Last week I argued that differences among philosophies of culture must necessarily affect cooperation on various levels of ecclesiastical cooperation.
Having said this, it is important to distinguish between philosophy of culture and worship and particular applications of that philosophy. I am suggesting that agreement concerning philosophy is an important factor influencing my ability to cooperate with other Christians in certain circumstances. But I will also insist that we must allow for latitude concerning how an underlying conservative philosophy is applied in practice.
Specific applications are based (hopefully) on wise consideration of the philosophy and how it works in real life, but those applications will certainly vary from person to person, context to context, and church to church. This means that although I personally have strong opinions about the best applications of a conservative philosophy, they are not as important as the philosophy, and thus particular applications of a conservative philosophy should not affect fellowship to the same extent as the philosophy itself.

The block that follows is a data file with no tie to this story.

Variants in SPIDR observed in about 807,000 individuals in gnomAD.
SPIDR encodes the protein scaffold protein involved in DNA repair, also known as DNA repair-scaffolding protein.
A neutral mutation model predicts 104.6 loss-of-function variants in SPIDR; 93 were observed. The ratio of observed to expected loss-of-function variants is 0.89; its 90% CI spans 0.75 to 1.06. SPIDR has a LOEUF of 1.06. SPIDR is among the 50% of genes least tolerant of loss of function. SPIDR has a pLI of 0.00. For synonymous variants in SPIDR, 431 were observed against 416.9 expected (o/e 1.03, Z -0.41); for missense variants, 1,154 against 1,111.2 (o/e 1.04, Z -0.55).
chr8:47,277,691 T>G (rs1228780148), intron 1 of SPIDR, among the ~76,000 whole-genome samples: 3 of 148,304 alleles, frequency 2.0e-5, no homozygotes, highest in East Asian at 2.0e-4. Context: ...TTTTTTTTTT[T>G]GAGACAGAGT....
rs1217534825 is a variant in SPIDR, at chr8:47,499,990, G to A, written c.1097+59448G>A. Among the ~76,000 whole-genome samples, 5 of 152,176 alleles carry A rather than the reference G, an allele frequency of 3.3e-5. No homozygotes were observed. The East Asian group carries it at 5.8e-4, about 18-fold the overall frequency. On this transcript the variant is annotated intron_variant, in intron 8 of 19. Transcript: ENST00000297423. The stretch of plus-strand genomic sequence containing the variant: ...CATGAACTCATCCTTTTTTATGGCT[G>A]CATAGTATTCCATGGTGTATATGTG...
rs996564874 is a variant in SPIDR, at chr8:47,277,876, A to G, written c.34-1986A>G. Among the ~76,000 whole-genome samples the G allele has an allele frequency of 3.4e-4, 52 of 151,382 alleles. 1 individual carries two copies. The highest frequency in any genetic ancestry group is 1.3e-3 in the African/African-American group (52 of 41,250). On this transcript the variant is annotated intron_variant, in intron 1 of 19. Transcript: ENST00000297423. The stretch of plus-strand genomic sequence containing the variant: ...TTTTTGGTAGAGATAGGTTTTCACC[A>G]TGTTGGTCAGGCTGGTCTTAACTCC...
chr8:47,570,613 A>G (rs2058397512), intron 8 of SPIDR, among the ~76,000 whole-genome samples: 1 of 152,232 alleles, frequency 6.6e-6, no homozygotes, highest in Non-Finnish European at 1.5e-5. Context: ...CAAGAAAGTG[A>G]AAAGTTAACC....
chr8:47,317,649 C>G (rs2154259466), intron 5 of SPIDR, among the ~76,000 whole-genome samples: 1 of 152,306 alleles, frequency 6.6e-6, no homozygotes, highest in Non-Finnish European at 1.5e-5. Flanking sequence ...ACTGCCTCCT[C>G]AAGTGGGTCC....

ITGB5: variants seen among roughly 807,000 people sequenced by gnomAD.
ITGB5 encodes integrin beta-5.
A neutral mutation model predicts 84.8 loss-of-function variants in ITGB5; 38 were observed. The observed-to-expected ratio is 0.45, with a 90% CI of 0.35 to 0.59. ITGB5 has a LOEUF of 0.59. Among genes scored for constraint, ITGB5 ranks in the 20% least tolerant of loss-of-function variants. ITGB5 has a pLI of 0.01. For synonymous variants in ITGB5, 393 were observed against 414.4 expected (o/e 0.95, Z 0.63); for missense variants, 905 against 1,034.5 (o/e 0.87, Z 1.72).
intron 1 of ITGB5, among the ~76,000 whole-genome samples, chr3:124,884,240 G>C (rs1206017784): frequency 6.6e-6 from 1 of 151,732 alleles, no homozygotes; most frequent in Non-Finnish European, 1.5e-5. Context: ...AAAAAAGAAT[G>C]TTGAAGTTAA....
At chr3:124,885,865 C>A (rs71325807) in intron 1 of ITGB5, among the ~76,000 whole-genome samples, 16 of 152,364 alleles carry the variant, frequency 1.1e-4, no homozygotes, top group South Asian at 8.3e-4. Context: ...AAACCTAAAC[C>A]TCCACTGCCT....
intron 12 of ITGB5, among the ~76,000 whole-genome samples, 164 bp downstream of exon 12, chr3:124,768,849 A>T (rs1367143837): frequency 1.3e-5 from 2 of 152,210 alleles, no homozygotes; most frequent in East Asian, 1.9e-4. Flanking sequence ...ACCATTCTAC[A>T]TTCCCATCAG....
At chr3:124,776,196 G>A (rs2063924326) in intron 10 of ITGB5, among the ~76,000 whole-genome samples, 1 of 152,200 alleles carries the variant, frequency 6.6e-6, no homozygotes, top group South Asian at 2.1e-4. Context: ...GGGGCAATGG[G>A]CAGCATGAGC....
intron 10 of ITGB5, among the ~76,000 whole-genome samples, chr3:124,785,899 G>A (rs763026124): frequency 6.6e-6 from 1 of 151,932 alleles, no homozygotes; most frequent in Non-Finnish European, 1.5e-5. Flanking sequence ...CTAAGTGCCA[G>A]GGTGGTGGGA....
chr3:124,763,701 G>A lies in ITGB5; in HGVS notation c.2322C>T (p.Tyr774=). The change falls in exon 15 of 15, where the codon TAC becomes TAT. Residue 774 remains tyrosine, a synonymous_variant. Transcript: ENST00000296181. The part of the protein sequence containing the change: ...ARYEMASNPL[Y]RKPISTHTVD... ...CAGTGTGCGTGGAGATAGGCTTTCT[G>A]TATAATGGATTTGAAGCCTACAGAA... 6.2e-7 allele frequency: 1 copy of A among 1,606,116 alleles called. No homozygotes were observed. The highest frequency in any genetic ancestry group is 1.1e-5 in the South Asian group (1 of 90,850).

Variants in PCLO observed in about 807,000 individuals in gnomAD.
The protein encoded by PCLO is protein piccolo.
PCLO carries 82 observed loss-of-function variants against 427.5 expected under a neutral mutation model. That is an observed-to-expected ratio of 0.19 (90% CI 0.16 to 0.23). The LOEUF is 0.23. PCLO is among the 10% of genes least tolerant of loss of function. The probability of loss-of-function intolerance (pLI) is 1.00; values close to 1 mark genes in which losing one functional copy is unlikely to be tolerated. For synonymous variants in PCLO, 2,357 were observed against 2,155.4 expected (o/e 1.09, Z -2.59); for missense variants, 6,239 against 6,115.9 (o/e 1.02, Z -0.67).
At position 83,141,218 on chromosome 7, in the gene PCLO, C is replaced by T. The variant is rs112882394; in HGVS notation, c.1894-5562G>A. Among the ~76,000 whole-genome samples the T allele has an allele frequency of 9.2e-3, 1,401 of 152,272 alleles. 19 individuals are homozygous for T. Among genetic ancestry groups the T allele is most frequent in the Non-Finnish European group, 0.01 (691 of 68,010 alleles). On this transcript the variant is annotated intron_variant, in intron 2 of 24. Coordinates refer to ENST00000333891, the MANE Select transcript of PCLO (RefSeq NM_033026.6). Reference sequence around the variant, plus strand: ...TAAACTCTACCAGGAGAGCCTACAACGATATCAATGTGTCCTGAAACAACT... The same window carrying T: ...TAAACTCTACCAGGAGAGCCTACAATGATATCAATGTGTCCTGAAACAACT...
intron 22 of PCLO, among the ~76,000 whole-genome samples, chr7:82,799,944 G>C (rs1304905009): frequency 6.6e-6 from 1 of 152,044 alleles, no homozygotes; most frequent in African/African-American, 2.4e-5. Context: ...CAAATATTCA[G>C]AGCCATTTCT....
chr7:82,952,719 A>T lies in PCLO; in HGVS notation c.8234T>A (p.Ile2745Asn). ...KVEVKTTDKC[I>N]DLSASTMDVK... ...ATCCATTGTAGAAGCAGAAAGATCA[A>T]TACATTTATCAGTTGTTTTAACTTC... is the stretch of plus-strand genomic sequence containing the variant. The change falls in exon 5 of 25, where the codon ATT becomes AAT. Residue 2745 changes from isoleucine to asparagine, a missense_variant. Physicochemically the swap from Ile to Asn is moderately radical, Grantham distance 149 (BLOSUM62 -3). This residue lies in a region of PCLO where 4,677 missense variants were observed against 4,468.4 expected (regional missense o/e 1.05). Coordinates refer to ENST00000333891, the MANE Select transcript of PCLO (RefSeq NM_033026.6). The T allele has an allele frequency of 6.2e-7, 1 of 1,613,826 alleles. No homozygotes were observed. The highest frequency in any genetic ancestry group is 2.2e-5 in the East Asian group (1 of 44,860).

For example, on the local church level it is important that all of the leadership agree philosophically. It is also fairly important that the leadership come to agreement about how that philosophy will be applied in that ministry. It seems clear to me that this must be how it works on a local church level. Beyond that, however, agreement on particular applications becomes less important dependent upon the situation.
I think that it is important to distinguish between these two categories of philosophy and applications as we discuss how a conservative philosophy affects cooperation. Both are important, but the more important matter is always philosophy rather than particular applications.
I know some pastors with whom I share convictions about both philosophy and general applications. There are other pastors I know with whom I agree philosophically but who make applications of that philosophy that I wouldn’t. I can’t find sufficient ground for withholding most levels of cooperation with men in both of these groups. Differences in particular ways of applying a similar philosophy don’t necessarily affect much beyond the local church level.
It is fundamental philosophical differences that will often limit cooperation. The applications are usually most apparent and appear to be the primary reason for limiting cooperation. Yet in reality, it is the more important philosophical differences that are the real reasons for cooperation limits.